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What is Autocad
Autocad is a computer-aided design software that was developed in 1983 by John Walker and Bob Wright. It was originally written for personal computers using Apple II, but it has since been adapted to run on many other platforms. Autocad is used to create drawings of 2D and 3D objects, which can be used as a basis for manufacturing them or as a guide for creating more detailed drawings.
The main advantage of using Autocad in fabrication projects is that it offers the ability to design objects without having to use traditional drawing methods. This is because the software allows you to draw in 3 dimensions, which enables you to see how the object will look before you actu Save ally fabricate it. You can get a free Autocad Trial here: https://www.autodesk.com/products/autocad/free-trial
How Steel Detailers Help Fabricators with Autocad
The keyword is 3D. Which means you virtually build your project in a virtual space, which enables you to check and verify most aspects of the projects before it hits the shop floor. Suddenly, engineers and fabricators don’t have to waste time and money on building prototypes by hand; they can get a prototype designed inside their 3D model and clash detect any problems they might encounter in the field.
Usually, steel fabricators don’t have the time to tinker with design software. They have a lot on their hands: pricing projects, purchasing material, fabricating and installing. That’s why most fabricators hire outside designers to produce their 3D models and shop drawings for them. In steel fabrication field they are called steel detailers.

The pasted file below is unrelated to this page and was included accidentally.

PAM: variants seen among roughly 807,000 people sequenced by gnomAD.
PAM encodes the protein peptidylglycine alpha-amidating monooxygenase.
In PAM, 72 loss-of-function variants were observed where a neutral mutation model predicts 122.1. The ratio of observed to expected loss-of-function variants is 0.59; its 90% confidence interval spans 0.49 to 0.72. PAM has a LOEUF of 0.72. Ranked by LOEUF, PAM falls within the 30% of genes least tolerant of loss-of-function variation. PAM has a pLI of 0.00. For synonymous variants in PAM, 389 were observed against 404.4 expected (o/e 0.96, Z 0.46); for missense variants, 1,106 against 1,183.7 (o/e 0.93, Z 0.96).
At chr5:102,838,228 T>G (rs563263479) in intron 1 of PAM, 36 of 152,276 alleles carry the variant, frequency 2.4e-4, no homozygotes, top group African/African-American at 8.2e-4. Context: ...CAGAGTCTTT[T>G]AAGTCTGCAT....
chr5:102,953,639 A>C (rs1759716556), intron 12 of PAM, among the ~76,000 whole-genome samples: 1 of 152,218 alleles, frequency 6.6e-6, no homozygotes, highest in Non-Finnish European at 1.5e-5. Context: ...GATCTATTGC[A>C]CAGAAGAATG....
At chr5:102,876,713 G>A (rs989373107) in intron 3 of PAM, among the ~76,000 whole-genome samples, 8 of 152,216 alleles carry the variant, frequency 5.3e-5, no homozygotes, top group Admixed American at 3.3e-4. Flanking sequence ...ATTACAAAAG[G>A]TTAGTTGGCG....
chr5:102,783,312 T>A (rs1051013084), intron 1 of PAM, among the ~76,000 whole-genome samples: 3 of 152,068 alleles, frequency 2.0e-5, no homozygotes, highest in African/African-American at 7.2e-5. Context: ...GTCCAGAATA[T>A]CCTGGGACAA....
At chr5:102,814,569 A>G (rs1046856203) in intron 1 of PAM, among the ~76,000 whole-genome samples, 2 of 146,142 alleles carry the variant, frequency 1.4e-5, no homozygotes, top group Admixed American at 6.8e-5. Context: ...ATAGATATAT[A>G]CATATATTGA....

Steel detailers provide a wide range of services:
- BOM – Bill of Materials. Fabricators use BOM for material ordering, for assembly weights, for logistics.
- Part Drawings – each steel part is detailed separately, allowing a fabricator to build all parts before they even seen assembly drawings.
- Assembly Drawings – once parts are fabricated, they are put into assemblies. For example, a simple column, might have 3 separate parts – a base plate, an HSS member and a clip. Those parts are fabricated / cut and then welded together into an assembly.
- Anchor Bolt Layouts – a layout of all anchors that will be embedded into the concrete pour. Coordination with other disciplines is very important at this stage, correctly placed anchors will make sure the columns go in the right spot, which means that later, the framing will also be properly built.
- Erection Plans – later in the project, when it’s time to erect beams the crew will need a plan on where and how to place those beams. Erection plans gives a layout, sections and details on how to do that.
- CNC files – there are multiple formats of CNC files: DXF, KSS, NC and more. Those files are directly exported from the 3D model and used by fabricator or their vendor to cut plates, beams, etc. A huge time saver.
- BIM – Building Information Modeling. Not all fabricators require us to provide this, but I think it should be used more. In simplest terms, BIM is when multiple disciplines collaborate to create a master model, where problems can be avoided before construction. There is more to it, a lot more, but I’m going to leave it at that.